Just wondering if there's any information on training on an empty stomach and eating afterwards vs training on a full stomach? I have heard (no sources) that eating a proper balanced meal after a workout is 'optimal'.

When pressed for time I often put off eating even when very hungry in favour of doing a workout and then cooking / eating afterwards.

What is the better situation?

  1. Training when actively hungry, (perhaps with a protein shake before training) then cooking and eating a meal in the hour afterwards


  1. Training within an hour after recently eaten, (perhaps with a protein shake after training)
  • I think you're going to get primarily opinions on this question.
    – rrirower
    Nov 13, 2014 at 20:18
  • Whats your goal? Honestly, unless you are a professional athlete nutrition timing is much less important that consistency in your diet and exercise regime.
    – user2861
    Nov 13, 2014 at 22:37
  • I was just curious if anyone has come across research papers on something like this.
    – myol
    Nov 14, 2014 at 12:17
  • What sort of goal are you looking at? Fat-loss? Hypertrophy?
    – john3103
    Nov 14, 2014 at 20:27

2 Answers 2


Whether or not you eat before a workout is relatively unimportant, but there has been a lot of debate about working out in a "fasted" state (such as a morning run before breakfast). It's a method used by bodybuilders, models, the military, etc. to keep lean.

According to this article, which has some very good information and links to various studies, there is a fair amount of evidence to suggest that doing cardio in a fasted state can increase fat-burning by up to 20%, but the long-term effects are less noticeable. In addition, resistance-training in a fasted state may hinder your performance and cause a breakdown of muscle fibers.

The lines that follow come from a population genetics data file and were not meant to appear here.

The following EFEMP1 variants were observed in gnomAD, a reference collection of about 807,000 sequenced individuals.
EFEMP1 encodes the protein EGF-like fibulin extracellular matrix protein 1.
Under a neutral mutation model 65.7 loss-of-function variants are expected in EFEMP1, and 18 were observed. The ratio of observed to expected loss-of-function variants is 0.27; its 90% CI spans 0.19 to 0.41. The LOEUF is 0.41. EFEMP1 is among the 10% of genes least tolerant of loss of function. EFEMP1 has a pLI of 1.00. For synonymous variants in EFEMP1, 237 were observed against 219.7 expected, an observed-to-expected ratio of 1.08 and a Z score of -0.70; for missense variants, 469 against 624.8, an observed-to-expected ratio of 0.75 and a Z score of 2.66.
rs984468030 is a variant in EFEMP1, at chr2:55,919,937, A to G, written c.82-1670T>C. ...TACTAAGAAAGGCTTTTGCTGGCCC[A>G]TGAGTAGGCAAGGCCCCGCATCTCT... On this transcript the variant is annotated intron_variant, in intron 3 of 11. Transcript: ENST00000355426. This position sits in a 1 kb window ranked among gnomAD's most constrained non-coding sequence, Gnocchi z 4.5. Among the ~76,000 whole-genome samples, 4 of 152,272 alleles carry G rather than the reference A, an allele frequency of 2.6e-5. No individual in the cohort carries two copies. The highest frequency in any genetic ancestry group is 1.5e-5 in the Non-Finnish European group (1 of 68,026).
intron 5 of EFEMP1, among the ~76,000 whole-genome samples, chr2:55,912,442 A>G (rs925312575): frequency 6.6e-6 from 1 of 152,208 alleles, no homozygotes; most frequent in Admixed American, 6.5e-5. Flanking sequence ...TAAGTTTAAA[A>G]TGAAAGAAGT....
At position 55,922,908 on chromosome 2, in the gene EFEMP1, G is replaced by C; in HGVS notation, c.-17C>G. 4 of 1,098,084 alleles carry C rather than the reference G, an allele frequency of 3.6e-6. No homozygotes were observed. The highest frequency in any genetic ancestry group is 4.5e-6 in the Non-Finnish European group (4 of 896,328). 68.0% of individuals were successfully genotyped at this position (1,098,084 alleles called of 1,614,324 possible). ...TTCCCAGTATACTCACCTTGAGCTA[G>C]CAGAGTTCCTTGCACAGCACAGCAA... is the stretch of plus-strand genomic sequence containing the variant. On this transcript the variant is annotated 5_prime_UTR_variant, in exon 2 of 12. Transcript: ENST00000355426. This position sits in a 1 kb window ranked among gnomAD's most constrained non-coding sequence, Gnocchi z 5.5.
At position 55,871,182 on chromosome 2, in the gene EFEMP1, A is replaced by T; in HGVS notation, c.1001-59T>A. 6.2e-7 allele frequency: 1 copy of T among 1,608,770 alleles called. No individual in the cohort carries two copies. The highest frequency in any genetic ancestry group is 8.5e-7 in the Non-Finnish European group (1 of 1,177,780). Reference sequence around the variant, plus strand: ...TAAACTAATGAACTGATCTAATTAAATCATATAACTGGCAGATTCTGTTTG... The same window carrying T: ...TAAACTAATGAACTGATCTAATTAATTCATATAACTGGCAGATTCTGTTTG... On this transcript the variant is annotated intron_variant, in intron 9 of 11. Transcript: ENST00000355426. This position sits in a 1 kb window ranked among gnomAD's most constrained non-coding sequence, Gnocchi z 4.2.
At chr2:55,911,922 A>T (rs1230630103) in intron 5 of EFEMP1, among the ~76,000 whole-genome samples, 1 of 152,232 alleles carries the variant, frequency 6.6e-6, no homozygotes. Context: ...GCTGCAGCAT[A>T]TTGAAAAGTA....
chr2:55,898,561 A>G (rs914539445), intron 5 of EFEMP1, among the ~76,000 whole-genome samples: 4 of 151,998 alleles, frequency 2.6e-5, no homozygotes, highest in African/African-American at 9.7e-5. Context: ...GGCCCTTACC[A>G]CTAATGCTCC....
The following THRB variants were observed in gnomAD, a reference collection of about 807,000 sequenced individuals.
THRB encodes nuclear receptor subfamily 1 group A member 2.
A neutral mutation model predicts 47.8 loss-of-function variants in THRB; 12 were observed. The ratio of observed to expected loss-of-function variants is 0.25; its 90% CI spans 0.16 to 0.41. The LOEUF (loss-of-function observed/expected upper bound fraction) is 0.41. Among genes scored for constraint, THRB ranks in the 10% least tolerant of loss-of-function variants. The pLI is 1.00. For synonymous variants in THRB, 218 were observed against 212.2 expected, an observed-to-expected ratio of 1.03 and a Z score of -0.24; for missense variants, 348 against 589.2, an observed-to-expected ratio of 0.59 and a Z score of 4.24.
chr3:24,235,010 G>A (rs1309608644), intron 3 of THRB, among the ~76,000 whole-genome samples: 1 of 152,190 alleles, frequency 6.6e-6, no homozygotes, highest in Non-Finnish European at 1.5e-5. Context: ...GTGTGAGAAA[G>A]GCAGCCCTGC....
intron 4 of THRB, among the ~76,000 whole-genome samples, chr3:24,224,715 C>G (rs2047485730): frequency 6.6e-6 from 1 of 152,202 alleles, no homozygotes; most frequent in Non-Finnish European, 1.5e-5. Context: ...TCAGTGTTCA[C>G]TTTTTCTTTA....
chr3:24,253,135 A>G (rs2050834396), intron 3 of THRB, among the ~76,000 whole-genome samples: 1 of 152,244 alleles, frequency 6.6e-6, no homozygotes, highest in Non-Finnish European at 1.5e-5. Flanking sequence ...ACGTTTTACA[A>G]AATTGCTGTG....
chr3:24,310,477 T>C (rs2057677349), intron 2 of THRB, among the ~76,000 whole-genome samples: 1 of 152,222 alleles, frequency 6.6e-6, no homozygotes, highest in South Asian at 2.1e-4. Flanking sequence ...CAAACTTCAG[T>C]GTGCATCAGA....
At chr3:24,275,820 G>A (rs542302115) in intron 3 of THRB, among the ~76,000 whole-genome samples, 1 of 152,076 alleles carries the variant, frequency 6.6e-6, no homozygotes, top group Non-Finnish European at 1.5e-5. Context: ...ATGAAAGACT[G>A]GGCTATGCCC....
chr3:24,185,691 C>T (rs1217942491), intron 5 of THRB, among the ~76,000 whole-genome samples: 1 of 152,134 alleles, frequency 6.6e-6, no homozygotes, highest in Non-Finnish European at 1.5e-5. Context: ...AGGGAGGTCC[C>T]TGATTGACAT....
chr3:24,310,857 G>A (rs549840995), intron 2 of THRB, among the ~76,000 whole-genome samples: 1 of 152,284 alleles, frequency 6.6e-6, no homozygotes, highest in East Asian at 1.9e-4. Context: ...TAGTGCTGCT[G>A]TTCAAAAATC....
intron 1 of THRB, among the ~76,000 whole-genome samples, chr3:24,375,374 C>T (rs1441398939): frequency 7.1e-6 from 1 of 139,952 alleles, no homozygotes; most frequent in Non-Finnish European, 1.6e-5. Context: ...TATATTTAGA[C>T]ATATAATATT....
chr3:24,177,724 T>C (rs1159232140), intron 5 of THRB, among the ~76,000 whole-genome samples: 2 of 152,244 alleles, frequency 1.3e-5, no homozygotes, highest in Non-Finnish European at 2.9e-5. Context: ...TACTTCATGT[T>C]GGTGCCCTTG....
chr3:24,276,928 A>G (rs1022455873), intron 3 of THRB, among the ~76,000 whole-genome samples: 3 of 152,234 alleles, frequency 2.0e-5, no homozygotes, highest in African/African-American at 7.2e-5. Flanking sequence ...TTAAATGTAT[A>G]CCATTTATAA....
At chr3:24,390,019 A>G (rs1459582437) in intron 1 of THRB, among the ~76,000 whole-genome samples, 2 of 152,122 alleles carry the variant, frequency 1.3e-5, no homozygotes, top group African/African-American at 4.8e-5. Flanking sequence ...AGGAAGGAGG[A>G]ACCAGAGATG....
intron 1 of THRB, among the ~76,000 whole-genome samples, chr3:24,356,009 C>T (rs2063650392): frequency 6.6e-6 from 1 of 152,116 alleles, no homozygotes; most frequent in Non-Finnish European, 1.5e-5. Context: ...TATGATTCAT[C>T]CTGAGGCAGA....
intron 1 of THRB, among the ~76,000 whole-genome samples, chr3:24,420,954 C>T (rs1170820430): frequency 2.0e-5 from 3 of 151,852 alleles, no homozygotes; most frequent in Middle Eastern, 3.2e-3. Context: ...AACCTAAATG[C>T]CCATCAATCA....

It is better to eat and drink immediately after exercise, especially after prolonged or high-intensity workouts.

Generally, you want to take in about 20g of protein and some carbs after any workout, particularly resistance-training, sprints, and high-intensity cardio. This is the point at which your muscles are in their greatest state of recovery, and having a high-protein environment is important for that. Some people may choose to take BCAA in lieue of a post-workout meal. As long as you eat some complete protein or take BCAA, it should speed up muscle-recovery. If you take creatine, it's also recommended that this be done immediately after a workout.


For a general workout of 60-90 minutes (not a competitive event such as a triathlon), it doesn't matter. The reason is because your body stores enough carbohydrates to fuel moderate/high intensity activity for approximately that long. Longer than that, however, and you will need to supply additional fuel.

Much of your body's physical adaptation to your training occurs at night when you sleep. Therefore, it is important that you don't go to bed hungry. It's ok to workout hungry though.

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